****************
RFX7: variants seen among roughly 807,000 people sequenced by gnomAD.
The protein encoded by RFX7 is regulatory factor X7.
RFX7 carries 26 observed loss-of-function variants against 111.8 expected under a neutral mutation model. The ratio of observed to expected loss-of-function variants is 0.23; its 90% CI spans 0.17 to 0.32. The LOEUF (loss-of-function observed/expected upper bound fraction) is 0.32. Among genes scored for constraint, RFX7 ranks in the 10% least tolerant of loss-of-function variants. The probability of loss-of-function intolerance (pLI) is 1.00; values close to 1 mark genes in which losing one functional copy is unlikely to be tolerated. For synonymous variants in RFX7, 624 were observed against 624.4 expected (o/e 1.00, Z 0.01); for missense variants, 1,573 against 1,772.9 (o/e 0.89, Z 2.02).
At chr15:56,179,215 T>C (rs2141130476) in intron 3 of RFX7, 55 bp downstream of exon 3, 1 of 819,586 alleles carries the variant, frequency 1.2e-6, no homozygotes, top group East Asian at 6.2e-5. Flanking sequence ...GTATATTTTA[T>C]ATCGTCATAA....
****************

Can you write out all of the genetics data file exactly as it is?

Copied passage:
RFX7: variants seen among roughly 807,000 people sequenced by gnomAD.
The protein encoded by RFX7 is regulatory factor X7.
RFX7 carries 26 observed loss-of-function variants against 111.8 expected under a neutral mutation model. The ratio of observed to expected loss-of-function variants is 0.23; its 90% CI spans 0.17 to 0.32. The LOEUF (loss-of-function observed/expected upper bound fraction) is 0.32. Among genes scored for constraint, RFX7 ranks in the 10% least tolerant of loss-of-function variants. The probability of loss-of-function intolerance (pLI) is 1.00; values close to 1 mark genes in which losing one functional copy is unlikely to be tolerated. For synonymous variants in RFX7, 624 were observed against 624.4 expected (o/e 1.00, Z 0.01); for missense variants, 1,573 against 1,772.9 (o/e 0.89, Z 2.02).
At chr15:56,179,215 T>C (rs2141130476) in intron 3 of RFX7, 55 bp downstream of exon 3, 1 of 819,586 alleles carries the variant, frequency 1.2e-6, no homozygotes, top group East Asian at 6.2e-5. Flanking sequence ...GTATATTTTA[T>C]ATCGTCATAA....